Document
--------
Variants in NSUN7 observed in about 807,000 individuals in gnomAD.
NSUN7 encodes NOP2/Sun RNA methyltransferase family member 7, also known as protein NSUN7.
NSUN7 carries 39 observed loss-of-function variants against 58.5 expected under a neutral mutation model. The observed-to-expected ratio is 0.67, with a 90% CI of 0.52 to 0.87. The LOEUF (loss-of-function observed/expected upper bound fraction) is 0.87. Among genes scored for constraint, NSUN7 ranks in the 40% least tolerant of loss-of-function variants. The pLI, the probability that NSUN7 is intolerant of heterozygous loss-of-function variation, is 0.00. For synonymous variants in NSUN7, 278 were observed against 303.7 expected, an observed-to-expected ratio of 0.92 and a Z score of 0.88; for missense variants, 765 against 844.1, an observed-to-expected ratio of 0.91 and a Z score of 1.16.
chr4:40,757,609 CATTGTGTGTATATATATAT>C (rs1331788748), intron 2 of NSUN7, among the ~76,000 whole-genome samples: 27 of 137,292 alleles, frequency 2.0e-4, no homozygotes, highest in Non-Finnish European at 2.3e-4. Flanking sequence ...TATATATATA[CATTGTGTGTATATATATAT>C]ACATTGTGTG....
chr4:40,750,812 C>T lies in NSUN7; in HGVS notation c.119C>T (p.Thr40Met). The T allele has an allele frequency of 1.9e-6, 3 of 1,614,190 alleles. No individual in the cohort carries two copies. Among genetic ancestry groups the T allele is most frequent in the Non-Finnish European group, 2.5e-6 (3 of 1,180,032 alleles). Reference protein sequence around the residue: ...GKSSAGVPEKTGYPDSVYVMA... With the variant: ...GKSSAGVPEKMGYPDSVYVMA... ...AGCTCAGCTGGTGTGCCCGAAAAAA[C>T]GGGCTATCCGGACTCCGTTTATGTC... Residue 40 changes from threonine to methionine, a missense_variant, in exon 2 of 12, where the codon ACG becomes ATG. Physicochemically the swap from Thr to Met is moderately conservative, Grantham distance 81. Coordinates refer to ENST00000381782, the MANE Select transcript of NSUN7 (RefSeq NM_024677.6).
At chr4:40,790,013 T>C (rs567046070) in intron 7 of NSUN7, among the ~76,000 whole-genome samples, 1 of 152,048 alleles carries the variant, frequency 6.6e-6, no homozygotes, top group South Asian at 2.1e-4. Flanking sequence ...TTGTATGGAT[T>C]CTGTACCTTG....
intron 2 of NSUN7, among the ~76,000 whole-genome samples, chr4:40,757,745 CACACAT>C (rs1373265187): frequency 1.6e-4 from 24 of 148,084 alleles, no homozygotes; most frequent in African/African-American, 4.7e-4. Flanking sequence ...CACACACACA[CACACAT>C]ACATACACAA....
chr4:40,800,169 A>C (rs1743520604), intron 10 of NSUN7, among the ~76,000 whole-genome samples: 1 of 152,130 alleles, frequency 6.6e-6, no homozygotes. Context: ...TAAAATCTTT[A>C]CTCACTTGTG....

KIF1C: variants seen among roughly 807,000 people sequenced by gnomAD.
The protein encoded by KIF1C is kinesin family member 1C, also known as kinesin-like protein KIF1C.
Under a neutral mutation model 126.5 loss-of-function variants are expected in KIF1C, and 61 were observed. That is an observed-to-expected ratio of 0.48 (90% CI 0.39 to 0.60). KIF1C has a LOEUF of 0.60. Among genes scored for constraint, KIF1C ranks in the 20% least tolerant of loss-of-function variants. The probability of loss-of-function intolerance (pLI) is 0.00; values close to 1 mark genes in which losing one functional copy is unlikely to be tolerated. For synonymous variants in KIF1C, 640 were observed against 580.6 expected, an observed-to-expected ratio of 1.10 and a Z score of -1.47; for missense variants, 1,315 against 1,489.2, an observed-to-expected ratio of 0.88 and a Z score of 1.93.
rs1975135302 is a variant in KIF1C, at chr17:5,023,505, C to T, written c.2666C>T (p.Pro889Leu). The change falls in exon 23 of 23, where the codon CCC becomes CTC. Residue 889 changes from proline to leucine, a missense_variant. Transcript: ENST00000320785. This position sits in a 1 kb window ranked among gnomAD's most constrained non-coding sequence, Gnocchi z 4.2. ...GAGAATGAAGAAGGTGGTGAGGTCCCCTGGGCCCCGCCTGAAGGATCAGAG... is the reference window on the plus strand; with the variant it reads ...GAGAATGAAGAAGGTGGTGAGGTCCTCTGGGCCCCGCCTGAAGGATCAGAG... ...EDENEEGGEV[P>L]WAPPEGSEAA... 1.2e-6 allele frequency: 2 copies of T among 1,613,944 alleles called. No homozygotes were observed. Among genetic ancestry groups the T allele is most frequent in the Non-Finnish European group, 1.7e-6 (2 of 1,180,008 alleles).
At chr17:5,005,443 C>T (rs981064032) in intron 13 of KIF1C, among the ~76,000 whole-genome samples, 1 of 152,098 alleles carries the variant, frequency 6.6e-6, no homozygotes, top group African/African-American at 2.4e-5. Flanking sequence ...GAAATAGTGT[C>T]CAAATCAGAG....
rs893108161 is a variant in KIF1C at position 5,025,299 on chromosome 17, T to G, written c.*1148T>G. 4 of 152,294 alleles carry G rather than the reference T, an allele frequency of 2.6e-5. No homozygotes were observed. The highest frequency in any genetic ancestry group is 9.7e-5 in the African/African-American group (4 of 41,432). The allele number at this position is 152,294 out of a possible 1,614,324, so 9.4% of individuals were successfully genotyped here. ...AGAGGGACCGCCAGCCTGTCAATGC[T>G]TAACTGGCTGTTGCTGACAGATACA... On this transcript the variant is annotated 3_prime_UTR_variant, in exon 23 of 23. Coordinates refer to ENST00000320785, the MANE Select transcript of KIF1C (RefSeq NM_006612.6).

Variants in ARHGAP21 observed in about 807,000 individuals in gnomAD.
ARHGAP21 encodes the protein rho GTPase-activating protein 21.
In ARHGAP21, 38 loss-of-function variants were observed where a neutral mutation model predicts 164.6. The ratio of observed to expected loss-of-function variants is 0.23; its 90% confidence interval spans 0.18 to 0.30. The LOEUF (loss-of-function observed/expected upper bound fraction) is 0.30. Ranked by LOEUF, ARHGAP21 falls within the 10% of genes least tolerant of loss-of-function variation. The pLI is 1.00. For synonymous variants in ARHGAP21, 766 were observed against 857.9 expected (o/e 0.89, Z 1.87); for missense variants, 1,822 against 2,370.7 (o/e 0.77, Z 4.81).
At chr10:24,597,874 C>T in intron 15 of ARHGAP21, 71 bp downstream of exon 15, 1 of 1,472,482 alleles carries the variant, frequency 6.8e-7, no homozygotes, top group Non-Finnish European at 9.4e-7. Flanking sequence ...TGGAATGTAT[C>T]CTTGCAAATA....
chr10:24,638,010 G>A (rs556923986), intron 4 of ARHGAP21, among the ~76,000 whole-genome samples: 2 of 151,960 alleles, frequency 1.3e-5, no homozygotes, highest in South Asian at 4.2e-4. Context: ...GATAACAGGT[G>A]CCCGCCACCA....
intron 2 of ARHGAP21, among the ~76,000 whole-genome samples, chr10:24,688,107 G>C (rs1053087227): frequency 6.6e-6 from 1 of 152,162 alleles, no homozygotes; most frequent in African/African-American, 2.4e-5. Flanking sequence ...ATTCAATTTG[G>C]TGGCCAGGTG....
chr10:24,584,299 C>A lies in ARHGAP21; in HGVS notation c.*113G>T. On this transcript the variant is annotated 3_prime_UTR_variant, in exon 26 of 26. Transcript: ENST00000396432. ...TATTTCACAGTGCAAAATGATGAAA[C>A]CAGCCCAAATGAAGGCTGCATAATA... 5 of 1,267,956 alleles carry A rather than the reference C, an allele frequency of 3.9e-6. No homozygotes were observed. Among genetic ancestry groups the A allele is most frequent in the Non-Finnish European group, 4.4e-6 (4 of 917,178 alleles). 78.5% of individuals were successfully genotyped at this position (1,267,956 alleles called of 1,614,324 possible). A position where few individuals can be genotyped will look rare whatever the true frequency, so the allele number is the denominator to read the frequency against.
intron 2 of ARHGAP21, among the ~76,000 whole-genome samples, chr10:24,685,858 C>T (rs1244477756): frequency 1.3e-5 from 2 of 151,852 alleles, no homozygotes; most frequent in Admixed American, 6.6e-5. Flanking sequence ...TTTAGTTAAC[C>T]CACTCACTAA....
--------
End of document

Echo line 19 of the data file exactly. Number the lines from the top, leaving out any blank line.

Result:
chr10:24,638,010 G>A (rs556923986), intron 4 of ARHGAP21, among the ~76,000 whole-genome samples: 2 of 151,960 alleles, frequency 1.3e-5, no homozygotes, highest in South Asian at 4.2e-4. Context: ...GATAACAGGT[G>A]CCCGCCACCA....